Association between pregnancy induced hypertension and maternal thyroid stimulating hormone levels - a hospital based observational case control study
Mahadevi Savanur, Anubha Kataria, Gauri Prabhu, Nitin Sutariya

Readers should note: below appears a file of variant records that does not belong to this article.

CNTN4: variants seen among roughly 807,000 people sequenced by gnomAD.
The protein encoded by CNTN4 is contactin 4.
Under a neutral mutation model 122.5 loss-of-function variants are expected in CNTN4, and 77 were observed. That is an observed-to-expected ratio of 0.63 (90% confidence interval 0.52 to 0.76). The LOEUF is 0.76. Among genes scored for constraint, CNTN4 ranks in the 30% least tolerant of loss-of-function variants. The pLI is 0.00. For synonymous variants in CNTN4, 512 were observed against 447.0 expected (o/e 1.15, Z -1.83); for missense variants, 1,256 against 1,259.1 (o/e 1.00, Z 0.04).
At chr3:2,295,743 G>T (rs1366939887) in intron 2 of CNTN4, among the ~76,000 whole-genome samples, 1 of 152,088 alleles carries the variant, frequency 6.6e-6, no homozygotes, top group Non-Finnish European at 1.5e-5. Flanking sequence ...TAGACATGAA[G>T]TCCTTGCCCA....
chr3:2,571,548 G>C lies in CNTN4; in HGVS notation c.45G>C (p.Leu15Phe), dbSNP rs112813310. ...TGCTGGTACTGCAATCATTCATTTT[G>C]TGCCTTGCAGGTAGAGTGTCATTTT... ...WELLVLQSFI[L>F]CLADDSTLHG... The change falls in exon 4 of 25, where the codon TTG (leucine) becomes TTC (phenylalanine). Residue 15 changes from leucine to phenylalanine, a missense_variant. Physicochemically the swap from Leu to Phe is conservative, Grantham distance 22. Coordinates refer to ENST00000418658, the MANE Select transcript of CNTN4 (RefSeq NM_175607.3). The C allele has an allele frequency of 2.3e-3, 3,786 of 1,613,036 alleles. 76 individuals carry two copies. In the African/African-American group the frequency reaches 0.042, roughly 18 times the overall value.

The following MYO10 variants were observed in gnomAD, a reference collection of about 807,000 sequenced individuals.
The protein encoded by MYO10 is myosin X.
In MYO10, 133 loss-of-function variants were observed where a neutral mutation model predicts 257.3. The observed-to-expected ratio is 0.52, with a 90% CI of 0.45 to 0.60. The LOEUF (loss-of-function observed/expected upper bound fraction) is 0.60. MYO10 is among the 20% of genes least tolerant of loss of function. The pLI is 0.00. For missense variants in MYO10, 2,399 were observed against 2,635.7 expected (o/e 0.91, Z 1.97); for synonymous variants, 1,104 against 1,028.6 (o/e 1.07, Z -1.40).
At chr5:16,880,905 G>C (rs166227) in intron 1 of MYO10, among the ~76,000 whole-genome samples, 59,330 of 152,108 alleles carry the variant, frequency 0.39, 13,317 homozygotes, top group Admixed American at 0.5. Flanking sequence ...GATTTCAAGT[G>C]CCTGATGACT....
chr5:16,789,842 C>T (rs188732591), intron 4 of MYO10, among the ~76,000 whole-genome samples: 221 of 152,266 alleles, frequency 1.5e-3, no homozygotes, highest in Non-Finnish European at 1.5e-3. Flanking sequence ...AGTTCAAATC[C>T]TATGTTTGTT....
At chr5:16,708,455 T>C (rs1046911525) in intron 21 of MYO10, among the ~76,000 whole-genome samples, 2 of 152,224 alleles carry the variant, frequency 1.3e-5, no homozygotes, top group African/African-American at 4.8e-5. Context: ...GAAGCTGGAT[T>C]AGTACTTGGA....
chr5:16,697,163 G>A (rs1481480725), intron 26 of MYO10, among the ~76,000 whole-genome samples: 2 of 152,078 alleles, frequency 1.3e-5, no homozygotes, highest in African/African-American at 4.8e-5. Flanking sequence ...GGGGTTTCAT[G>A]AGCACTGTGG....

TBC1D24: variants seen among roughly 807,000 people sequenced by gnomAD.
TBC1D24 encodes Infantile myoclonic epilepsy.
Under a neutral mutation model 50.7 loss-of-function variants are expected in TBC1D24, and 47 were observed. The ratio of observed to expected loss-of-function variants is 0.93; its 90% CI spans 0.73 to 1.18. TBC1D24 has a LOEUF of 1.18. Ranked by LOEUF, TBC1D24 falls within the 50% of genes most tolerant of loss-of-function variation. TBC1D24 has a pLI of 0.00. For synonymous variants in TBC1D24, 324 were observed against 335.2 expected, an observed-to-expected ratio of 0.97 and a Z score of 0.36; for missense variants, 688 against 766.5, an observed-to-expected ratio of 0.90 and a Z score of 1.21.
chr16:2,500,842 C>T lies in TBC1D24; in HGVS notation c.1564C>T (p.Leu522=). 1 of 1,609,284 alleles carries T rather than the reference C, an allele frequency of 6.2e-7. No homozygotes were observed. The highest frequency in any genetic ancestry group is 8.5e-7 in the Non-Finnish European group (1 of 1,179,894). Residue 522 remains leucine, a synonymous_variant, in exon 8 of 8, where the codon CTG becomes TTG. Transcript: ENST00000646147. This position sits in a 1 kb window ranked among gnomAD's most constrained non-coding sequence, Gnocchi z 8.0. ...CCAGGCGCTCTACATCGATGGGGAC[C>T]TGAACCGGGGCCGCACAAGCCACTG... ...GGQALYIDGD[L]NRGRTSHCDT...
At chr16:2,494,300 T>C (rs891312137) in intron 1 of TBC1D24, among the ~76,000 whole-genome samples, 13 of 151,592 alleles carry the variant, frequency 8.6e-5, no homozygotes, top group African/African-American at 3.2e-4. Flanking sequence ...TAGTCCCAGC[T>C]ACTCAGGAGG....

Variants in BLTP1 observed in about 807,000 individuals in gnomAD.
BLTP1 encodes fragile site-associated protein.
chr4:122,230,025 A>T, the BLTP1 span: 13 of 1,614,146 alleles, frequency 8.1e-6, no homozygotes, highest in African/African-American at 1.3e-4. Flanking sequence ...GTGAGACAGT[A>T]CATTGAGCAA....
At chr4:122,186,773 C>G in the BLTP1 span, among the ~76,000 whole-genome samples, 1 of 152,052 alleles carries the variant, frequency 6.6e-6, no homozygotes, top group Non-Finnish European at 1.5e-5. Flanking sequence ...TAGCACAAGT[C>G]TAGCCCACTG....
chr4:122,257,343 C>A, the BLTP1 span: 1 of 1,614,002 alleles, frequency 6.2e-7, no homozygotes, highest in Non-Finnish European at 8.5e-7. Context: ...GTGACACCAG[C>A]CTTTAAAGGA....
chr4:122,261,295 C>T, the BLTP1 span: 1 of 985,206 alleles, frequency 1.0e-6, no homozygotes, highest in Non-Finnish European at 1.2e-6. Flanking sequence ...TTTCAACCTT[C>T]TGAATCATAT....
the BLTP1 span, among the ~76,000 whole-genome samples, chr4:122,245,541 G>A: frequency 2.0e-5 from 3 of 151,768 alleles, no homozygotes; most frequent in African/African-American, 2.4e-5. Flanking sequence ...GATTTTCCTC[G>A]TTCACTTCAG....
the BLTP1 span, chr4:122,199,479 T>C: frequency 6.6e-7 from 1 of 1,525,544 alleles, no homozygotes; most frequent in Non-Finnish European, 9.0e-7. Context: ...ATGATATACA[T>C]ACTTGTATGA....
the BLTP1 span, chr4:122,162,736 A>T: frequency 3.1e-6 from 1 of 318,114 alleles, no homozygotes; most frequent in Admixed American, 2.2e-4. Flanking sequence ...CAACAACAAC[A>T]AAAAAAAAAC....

Background: With rise in incidence of hypertensive disorders of pregnancy especially pre -eclampsia, there is a need to study its association with other comorbid conditions like thyroid disorder which may have common pathophysiology. Objective: The following case control study was done to know the association between pregnancy induced hypertension and serum thyroid stimulating hormone (TSH) level. Methodology: This case control study was carried out at tertiary care hospital from June 2018 to December 2018 wherein we compared mean TSH level among hypertensive pregnant women (case) and normotensive pregnant women (control) in third trimester. We also further analysed the differences of mean TSH level within hypertensive group based on severity. The total sample size consisted of 300 cases and 300 matched controls. Results: Mean serum TSH level was found significantly higher in the hypertensive (case) group i.e (2.81±2.08) as compared to the normotensive (control) group i.e (2.32 ±1.24) with p-value 0.0006. The association between pre-eclampsia and hypothyroidism was seen by odds ratio of 1.87 (CI= 1.06 - 3.27) for patients with severe pre-eclampsia, 1.41 (CI = 0.78 - 2.55) for patients with non severe pre-eclampsia and1.24 (CI = 0.66 - 2.33) for patients with gestational hypertension in comparison to the normotensive patients. Mean serum albumin was significantly lower in cases (3.22±0.43) as compared to control groups (3.30±0.38) with p-value 0.0122. However the correlation coefficient for the entire study population was (-0.0532) between serum albumin and serum TSH, which suggests both values were independent of each other. Serum uric acid was significantly higher in cases as compared to controls (p<0.0001). Conclusion: Biochemical hypothyroidism in pregnancy is associated with pre-eclampsia especially with severe pre-eclampsia. However Serum TSH values need to be adjusted to the population and hospital for cut offs for reliable diagnosis.